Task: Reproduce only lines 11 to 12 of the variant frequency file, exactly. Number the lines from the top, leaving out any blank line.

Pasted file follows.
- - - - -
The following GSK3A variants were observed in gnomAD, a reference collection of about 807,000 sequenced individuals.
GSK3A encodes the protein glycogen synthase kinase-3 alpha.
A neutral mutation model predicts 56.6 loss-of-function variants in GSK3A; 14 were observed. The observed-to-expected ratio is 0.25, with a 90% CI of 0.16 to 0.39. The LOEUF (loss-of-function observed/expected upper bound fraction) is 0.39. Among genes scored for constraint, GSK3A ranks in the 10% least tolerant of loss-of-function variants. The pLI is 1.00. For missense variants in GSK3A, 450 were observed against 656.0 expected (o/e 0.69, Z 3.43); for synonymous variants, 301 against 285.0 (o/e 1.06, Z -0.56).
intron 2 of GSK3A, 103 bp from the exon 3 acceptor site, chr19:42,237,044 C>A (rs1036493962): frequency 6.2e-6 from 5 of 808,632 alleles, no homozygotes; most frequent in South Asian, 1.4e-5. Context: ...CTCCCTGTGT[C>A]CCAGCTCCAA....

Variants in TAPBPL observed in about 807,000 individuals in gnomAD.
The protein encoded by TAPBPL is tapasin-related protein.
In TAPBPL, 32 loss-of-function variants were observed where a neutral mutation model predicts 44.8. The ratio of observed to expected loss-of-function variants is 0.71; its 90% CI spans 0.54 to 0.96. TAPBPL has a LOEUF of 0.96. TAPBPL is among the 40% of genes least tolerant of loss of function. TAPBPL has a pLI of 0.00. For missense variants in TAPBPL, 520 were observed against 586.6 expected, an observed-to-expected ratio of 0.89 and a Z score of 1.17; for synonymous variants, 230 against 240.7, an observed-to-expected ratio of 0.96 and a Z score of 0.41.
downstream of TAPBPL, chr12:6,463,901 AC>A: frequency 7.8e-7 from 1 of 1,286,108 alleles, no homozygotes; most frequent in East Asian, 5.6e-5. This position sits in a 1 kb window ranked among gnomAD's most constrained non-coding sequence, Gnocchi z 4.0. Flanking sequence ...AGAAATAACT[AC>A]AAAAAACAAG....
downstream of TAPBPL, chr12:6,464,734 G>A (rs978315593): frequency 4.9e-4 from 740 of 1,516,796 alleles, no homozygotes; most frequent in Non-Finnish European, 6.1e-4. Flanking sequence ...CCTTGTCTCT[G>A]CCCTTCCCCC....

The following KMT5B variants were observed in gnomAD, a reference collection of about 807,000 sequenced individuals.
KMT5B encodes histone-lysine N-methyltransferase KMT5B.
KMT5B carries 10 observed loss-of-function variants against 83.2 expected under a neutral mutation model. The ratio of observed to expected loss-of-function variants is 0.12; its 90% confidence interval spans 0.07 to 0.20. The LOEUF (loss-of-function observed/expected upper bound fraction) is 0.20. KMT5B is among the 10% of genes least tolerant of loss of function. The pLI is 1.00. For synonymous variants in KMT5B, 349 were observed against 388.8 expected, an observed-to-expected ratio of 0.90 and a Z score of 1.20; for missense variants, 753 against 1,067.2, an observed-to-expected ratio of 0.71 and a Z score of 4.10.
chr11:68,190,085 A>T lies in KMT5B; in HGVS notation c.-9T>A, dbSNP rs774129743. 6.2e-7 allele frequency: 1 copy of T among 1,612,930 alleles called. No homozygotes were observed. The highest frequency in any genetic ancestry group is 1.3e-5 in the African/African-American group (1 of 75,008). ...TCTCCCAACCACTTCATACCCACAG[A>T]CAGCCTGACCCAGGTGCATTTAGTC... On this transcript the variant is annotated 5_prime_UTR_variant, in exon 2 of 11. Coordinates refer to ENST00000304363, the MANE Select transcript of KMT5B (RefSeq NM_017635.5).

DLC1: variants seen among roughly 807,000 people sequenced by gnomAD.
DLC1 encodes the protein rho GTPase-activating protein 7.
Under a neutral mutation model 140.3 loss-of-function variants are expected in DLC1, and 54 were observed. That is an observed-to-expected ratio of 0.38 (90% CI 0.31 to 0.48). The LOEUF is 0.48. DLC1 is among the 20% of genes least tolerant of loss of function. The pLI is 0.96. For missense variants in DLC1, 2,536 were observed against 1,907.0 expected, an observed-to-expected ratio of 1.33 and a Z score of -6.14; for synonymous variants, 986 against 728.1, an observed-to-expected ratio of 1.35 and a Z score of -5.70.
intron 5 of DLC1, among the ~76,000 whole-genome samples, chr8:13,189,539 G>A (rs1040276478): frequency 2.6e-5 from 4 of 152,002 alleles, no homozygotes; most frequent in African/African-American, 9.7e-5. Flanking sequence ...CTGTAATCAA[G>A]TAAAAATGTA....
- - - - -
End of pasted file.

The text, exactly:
KMT5B encodes histone-lysine N-methyltransferase KMT5B.
KMT5B carries 10 observed loss-of-function variants against 83.2 expected under a neutral mutation model. The ratio of observed to expected loss-of-function variants is 0.12; its 90% confidence interval spans 0.07 to 0.20. The LOEUF (loss-of-function observed/expected upper bound fraction) is 0.20. KMT5B is among the 10% of genes least tolerant of loss of function. The pLI is 1.00. For synonymous variants in KMT5B, 349 were observed against 388.8 expected, an observed-to-expected ratio of 0.90 and a Z score of 1.20; for missense variants, 753 against 1,067.2, an observed-to-expected ratio of 0.71 and a Z score of 4.10.